In South America political choices in Brazil have been largely responsible for spreading the virus and creating a major number of cases, second only to the USA. Peru has now overtaken both France and Germany in terms of infected patients and is expected to surpass Italy (235,000) in the near future. There have been various media reports of hospitals unable to admit new cases with many unable to provide the crucial oxygen required by many patients. As a result, PCI Gases has seen a large increase in orders for DOCS from Peru. In addition, a number of industrial clients have lent their DOCS to local hospitals in an effort to alleviate the situation.

Oxygen shortages are also having a significant knock-on negative impact on non- healthcare sectors. Although short-term price increases are important, the diversion of essential oxygen supplies away from other major users and industrial applications will have greater long term significance. The ethical and political pressures which have become evident in the first months of the pandemic require reappraisal by industries reliant on oxygen for their processes. The increased risk of supply disruption is thus set to be a significant factor in the strategic decision to secure future uninterrupted supply of oxygen for all applications.


Media coverage of the COVID-19 pandemic has created panic over the deficiencies in the availability of PPE and ventilators. Although these shortages are real, increasing the number of ventilators without addressing oxygen supply is a prescription for avoidable fatalities. With medical oxygen the primary treatment for the vast majority of patients suffering severe COVID-19 symptoms, one of the crucial recommendations of the WHO is that all countries focus on the development of medical oxygen systems.

Generally hospitals in LMICs are supplied by cylinders filled at industrial gas plants and transported by truck. Reliability of supply is often compromised through geographic and political challenges. The cost of supply is often excessive with logistics playing a major role. Exponentially increased demand due to COVID-19 has stretched these supply chains to breaking point causing many avoidable deaths. Even developed countries with superior healthcare infrastructure are experiencing shortages.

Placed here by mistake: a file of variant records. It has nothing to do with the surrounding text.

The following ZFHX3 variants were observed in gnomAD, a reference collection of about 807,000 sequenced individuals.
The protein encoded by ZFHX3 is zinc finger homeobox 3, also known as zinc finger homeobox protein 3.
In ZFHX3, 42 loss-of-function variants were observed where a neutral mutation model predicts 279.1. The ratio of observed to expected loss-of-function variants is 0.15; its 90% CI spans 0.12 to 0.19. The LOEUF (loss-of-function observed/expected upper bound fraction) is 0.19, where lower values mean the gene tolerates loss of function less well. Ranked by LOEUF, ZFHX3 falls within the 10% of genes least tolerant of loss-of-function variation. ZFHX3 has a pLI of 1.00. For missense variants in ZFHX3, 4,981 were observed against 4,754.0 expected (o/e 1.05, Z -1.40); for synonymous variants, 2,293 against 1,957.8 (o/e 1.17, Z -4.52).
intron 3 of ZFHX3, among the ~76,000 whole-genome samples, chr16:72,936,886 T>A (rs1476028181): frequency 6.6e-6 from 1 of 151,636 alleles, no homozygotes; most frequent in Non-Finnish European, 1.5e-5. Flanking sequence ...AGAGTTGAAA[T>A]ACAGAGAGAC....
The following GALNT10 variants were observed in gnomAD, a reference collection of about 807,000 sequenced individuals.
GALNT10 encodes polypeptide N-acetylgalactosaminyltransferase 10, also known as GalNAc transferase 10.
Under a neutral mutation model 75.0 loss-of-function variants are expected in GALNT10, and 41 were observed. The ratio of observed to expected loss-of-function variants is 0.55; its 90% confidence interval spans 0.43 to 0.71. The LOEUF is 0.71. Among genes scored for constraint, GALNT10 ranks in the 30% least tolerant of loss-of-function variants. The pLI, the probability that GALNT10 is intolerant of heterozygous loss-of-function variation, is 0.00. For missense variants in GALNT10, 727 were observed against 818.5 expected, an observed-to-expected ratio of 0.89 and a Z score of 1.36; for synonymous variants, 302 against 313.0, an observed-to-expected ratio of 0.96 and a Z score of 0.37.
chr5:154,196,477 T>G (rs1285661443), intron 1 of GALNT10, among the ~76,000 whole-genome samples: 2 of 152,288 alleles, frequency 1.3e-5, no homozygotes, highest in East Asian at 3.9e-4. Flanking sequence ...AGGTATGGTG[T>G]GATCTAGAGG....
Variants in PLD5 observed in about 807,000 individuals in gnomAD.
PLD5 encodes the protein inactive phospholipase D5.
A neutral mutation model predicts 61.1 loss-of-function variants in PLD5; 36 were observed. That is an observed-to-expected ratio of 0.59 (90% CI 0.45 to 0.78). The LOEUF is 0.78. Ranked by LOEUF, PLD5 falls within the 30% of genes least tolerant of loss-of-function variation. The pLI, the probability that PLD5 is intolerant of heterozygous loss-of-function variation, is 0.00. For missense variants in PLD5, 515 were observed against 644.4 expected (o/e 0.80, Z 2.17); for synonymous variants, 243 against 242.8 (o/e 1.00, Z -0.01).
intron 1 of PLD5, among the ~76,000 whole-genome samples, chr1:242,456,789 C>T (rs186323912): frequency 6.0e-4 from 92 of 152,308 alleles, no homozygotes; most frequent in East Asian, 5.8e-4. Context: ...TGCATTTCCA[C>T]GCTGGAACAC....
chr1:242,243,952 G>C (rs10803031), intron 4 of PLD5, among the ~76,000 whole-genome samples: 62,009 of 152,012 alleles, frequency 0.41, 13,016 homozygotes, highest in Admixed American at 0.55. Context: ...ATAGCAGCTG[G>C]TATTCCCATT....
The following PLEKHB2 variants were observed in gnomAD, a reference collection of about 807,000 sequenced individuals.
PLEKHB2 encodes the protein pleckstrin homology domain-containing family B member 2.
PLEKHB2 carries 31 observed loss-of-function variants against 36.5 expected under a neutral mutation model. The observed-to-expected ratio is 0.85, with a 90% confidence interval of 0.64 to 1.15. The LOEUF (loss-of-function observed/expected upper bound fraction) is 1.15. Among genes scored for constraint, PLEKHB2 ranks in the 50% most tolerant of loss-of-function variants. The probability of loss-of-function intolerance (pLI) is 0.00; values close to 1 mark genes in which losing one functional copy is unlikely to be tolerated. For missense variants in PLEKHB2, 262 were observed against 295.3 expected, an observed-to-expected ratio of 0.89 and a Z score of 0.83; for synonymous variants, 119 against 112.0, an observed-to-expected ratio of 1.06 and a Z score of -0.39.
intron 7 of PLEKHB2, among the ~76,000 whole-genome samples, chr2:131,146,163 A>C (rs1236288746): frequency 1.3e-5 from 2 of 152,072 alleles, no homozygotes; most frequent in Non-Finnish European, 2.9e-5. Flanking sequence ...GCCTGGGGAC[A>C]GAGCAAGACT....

COVID-19 is a public health crisis without parallel in recent history. Notwithstanding its human cost, it is also an opportunity to assess medical oxygen supply as one of the defining health equity issues of our age. Today’s availability of finance and technology means that universal access to oxygen is no longer a vague aspiration. Political leadership coupled with international cooperation are key with numerous models currently being developed through coalitions of companies, philanthropic foundations, UN agencies, NGOs and non-profit organizations.

Present focus on the medical sector will lead to measures which will surely enhance and increase the supply of medical oxygen and patient access whilst reducing cost. It will require increased investment and commitment to put oxygen at the center of policies for universal health coverage. The experience of the past months will force all non-healthcare industries to review and revise their strategies accordingly. They will necessarily need to increased priority, focus and outlay in order to strengthen and secure their uninterrupted oxygen supply.


Despite today’s understandable focus on the medical sector, the consequences of the COVID-19 pandemic on oxygen supply will be far reaching for many other industries. The priority, which will surely be given to medical oxygen in future contingency plans, will increase the risk of supply for all other major users in the fields of Aquaculture, Waste Water Treatment and Purification as well as other industrial applications.

Present events are forcing many relevant industries to reassess their oxygen supply situation. On-site systems will be at the forefront of measures to manage future risks to oxygen supply. PCI Gases therefore expects a significant increase in the number of systems required for all applications in the coming years. Despite the regrettable human cost of the COVID-19 pandemic, this is strategic opportunity for DOCS technology which guarantees oxygen access regardless of application and the industrial supply situation of the moment.


For further communication, you can reach the author Tim Boulton, our Sales Director, EMEA Region, at

Posted June 18, 2020